The second round started like the first, with that feeling out process. Leroux didn’t want to test the power of Campbell early, while Campbell seemed wary of Leroux’s stifling grappling game and strong takedowns. However, the demeanor of both fighters had changed, as both of them seemed to be throwing with a little less technique and a LOT more power. Campbell constantly threatened with those ferocious high kicks, which Leroux was able to duck with expert technique. Campbell was throwing to hurt someone this round big time, but Leroux remained un-intimidated, charging forward to land some big shots of his own. Showing his toughness, Leroux powered through an unintentional low-blow from Campbell and the two once again engaged quickly, with Campbell and Leroux trading hard straight punches. Campbell was also beginning to stuff more and more of Leroux’s takedown attempts, and punished the fighter with hammer-fists at any possible opportunity during his shots. Leroux displayed his striking talent with some really impressive spinning kicks, as well as some harsh low kicks. Campbell responded with a beautiful spinning elbow that just missed, and left him crashing into the cage. Leroux would end the round with a takedown.

 

Now the first two rounds were good, but it was the final one that made this fight a classic. Both fighters aware that the fight was close, the two looked to engage early and often in every attempt to finish the other and gain a definitive winner. While both fighters had their moments in the round, it was Johnny Cupcake Campbell who would go on to leave the impression. After shrugging off a takedown early and landing a few nice jabs, Campbell would absolutely level a charging Leroux with a hook that looked like a wrecking ball. Leroux went down hard, rocked, but was able to get back to his feet with Johnny swarmed with punches, knees, and kicks. Leroux, clearly hurt, dove for another take down that was easily thrown off, and Campbell continued to pour it on. Leroux, no doubt about it, can take a punch. Right then, when it seemed like Leroux might be in serious trouble, he dug deep and threw a haymaker of his own, dropping Campbell quickly to the mat. However, the resilient Campbell got up firing. Slinging leather like his life-depended on it, Campbell drove forward in a big exchange that saw both fighters land some heavy shots. Chins were tested, and both chins passed. Campbell runs forward and lands a nice flying kick (made Bruce Lee proud, I’m sure), and a savage hook followed. The hook landed just as the round ended, and Leroux, gripping his eye returned to his corner, with Campbell returning to his. Both fighters would take the center of the cage with the ref, both bleeding and breathing heavy. While toughness was on display throughout the course of the fight, and both men showed they were threats to anyone in the division, Campbell’s intense pace in the third round would prove the difference, as Johnny Cupcakes Campbell was awarded the victory via Split Decision. Excellent round, excellent fight, and excellent performances by two of the most game fighters in the region.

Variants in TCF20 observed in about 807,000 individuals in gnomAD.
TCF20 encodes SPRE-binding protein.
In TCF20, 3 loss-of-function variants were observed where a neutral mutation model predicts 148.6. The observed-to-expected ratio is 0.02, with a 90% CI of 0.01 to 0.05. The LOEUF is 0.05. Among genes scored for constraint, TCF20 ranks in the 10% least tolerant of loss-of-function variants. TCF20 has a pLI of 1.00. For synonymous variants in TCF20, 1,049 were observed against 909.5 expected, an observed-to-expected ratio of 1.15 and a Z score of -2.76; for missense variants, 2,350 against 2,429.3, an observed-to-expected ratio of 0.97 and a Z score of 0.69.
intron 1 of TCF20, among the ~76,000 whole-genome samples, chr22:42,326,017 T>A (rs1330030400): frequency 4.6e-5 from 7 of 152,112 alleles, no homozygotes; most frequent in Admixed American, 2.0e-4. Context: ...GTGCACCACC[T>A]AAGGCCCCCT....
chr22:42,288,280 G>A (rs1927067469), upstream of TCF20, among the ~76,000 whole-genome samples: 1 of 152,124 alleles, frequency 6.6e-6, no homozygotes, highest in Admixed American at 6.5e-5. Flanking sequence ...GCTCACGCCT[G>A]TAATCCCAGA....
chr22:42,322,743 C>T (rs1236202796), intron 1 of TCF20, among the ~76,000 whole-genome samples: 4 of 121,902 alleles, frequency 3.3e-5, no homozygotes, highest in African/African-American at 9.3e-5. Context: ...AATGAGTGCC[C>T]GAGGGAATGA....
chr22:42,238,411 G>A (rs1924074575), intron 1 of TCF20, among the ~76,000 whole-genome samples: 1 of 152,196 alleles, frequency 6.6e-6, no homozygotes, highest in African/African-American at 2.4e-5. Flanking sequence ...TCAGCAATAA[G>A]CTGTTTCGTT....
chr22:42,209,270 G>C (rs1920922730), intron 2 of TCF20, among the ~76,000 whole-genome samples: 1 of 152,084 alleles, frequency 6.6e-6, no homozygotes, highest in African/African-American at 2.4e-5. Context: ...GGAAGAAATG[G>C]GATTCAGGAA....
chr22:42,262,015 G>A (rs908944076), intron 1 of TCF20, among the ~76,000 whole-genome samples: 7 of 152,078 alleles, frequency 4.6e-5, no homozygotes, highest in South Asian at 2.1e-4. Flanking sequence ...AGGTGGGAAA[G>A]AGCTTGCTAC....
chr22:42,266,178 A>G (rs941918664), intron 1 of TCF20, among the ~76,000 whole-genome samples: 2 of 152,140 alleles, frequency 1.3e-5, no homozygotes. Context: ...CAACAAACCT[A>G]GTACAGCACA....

We would like to thank Cage Titans for an incredible time, as we were treated to food, fights and an overall amazing experience. We are impressed time and time again with Mike Polevere’s ability to constantly give us so much bang for our buck with every Cage Titans event. Regional Fight Sports gives two thumbs up to the event, and we can’t wait for the next one. Support your local fighters! 

 

Written by: William Raczkowski

Edidted by RFS Staff